Paul and Andrea Fazzino are the Kings of Clean. They moved to Florida from Connecticut and started a non-profit organization known as Beach Keepers Inc.
Their mission is to clean up Florida beaches, parks, city streets and waterways. The tools of their trade are buckets, gloves, pickers, masks and liquids to quench their thirst.
They cruise parks, beaches and streets every day looking for plac-es where trash is left behind. Instead of glancing the other way, they pick it up and haul it to appropriate garbage cans and dumpsters.
This act seems surreal in an age when most people scour the city looking for someone to clean their kitchen or tile floors. But un-like most mortals on the planet the Fazzino brothers take pride – and spend over 1,500 hours a month – cleaning public spaces from Singer Island to North Broward.
“We pay attention to what is going on in the city and we go to places before, during and after an event to clean up. We are trying to instil a culture of cleanliness so people can pick up safely around their own areas,” said Paul.
The Fazzino brothers form alliances with other organizations (and churches) and have a particular soft spot in their big hearts for those in need. They keep an office in downtown Delray stocked with cleaning supplies, water, masks, snacks and other necessities.
They are particularly helpful and supportive to those down on their luck. “We invite everyone we meet who can’t take care of themselves to join us to help clean up. We give them tasks that build their self-esteem and promote sobriety. We create a bond with them and get them the help they need,” adds Andrea.
The brothers work seven days a week, often 10 hours a day pick-ing up litter or helping others. They have been featured on the lo-cal news and received a community service award from the Delray Chief of Police.
But their tireless effort of selfless service is rooted in love, rather than awards and accolades. “I started working when I was 12-years-old in a bakery. I worked like a dog – it’s our family culture to work really hard.”
The Fazzino brothers worked at their family restaurant (Wethersfield Pizza) before moving to South Florida. Thirty family members and friends came to Boynton and bought condos in the same complex.
Their family code of kindness toward strangers is what instilled this trait in their sons. “We treated all our customers at the restaurant like family. We knew what they liked and what they wanted to eat. That’s why we try to help people in need.”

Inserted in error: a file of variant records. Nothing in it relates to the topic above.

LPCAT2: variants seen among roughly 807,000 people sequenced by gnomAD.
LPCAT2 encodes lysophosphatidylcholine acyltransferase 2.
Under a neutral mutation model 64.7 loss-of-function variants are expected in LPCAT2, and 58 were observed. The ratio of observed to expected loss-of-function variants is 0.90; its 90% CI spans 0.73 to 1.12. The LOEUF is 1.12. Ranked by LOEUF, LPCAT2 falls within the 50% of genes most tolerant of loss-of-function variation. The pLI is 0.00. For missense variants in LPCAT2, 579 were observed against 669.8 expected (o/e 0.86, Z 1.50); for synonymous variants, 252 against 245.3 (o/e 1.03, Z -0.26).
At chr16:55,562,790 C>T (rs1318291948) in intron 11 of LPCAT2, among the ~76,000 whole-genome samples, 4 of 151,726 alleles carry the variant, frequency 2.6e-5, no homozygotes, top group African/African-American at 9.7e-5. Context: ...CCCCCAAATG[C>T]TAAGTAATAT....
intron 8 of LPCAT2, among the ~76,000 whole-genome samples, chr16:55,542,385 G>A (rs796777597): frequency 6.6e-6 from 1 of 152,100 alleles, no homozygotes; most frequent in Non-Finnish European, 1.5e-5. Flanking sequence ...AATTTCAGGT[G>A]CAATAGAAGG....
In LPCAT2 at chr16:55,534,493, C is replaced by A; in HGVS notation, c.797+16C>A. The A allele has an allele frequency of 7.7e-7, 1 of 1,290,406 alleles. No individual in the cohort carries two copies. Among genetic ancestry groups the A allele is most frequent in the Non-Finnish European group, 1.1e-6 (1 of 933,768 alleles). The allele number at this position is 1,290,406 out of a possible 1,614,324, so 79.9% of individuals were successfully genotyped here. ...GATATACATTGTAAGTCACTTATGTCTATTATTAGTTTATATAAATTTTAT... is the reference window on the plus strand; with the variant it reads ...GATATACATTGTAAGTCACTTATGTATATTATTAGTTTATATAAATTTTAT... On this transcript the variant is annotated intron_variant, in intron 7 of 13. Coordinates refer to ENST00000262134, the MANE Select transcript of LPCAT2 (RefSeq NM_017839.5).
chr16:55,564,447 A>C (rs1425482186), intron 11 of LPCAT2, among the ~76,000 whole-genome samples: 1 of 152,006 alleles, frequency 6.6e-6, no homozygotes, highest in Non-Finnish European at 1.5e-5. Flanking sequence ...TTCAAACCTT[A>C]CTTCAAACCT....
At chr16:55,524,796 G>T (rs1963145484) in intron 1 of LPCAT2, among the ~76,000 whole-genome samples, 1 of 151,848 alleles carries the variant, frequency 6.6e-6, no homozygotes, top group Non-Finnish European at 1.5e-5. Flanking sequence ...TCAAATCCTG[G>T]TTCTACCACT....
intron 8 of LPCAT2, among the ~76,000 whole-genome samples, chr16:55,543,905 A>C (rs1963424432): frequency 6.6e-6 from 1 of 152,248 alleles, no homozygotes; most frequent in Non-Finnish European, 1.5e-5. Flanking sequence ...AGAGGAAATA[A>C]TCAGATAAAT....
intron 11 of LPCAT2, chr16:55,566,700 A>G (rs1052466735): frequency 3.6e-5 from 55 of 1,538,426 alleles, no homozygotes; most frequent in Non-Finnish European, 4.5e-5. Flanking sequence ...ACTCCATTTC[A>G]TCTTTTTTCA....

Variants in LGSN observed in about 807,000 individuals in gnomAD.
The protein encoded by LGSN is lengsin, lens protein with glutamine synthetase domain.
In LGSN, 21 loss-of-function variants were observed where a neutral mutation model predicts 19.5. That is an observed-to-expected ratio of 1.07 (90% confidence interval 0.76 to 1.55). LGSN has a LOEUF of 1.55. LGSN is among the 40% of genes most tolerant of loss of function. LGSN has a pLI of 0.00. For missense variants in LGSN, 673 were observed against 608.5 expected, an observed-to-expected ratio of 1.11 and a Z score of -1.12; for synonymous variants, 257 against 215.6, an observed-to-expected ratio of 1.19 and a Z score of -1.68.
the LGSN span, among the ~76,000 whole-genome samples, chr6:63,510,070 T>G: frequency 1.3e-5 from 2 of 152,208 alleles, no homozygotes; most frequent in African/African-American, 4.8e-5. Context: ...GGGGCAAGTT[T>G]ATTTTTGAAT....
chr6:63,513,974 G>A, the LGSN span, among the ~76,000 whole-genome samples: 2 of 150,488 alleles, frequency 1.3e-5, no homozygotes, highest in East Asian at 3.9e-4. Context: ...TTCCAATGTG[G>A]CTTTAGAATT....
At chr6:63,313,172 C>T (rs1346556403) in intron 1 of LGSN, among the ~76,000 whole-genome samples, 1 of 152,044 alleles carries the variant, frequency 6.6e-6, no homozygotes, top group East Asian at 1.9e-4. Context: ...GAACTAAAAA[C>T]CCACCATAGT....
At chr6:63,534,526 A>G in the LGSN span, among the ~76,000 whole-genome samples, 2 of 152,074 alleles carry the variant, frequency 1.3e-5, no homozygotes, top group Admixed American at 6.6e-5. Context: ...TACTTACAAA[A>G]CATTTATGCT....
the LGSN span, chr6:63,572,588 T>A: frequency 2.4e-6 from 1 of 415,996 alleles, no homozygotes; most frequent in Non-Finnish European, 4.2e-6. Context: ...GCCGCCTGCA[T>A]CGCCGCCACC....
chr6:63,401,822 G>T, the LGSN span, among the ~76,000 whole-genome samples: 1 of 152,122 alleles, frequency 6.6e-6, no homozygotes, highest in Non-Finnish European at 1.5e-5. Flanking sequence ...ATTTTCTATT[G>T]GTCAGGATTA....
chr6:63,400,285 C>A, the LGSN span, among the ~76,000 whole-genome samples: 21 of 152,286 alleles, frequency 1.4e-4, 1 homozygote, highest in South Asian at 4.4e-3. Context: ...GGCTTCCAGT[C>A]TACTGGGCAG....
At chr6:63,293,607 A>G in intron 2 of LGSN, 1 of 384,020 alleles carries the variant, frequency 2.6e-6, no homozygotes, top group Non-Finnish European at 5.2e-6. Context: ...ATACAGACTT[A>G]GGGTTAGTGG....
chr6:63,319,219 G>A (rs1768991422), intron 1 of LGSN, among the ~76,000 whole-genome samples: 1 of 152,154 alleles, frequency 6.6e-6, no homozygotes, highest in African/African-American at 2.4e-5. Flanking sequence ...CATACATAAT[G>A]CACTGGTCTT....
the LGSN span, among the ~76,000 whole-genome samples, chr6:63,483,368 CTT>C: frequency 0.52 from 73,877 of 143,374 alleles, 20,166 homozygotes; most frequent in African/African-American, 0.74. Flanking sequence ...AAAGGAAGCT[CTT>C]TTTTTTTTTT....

Their goal to serve 24/7 is what makes the Fazzino brothers a rarity in our social media driven path toward riches. They live modestly and hand out gift cards for food to those who are hungry. They help the “at risk” community with friendship and support to become self-sufficient, and they try to instill a culture of clean to young people, tourists and residents.
Their clean-up efforts are supplemented with volunteers from all walks of life. But their generosity doesn’t stop there. They attend meetings where the “at risk” population is discussed, and they at-tend to areas where people are down on their luck.
“We clean up around people living outside and establish relation-ships with them. We give out clothing, gift cards for food and help them in any way we can. Sometimes they stop us on the street and say, ‘You saved my life. I now have a job, a girlfriend and a place to live.’
It’s been a beautiful blessing in our lives.”
The blessings go both ways. The Fazzino brothers work every day and tend to the environment as if it were a shared trust fund. They’re always trying to help others, and establish an equilibrium that equates cleanliness to godliness.
That type of compassion is not learned in school – it was instilled in their emotional hard drives at birth. “We grew up with amazing parents who loved and supported us in everything we did. We like people to feel good about themselves, where they live, and what they are doing.”
They establish neighborhood volunteer groups, and clean beaches and streets as if they were a communal trust fund. “Paul and Andrea do great work and keep the city clean and beautiful. They pick up trash with the ‘at risk’ community and give them gift cards and encouragement. They are awesome,” said Delray Police officer Damien Ferraiolo.
The Fazzino brothers also teach young people to honor a culture of caring and conservation. “We seek to instill a spirit of preservation of natural beauty in the public arena. We organize monthly and bi-monthly beach clean-ups in public areas and we look after those who need help.”
Beach Keepers invites everyone to share their passion for pre-serving the beauty of South Florida, its pristine beaches and parks.
They are looking for volunteers, donors and contributors.
BEACH KEEPERS INC.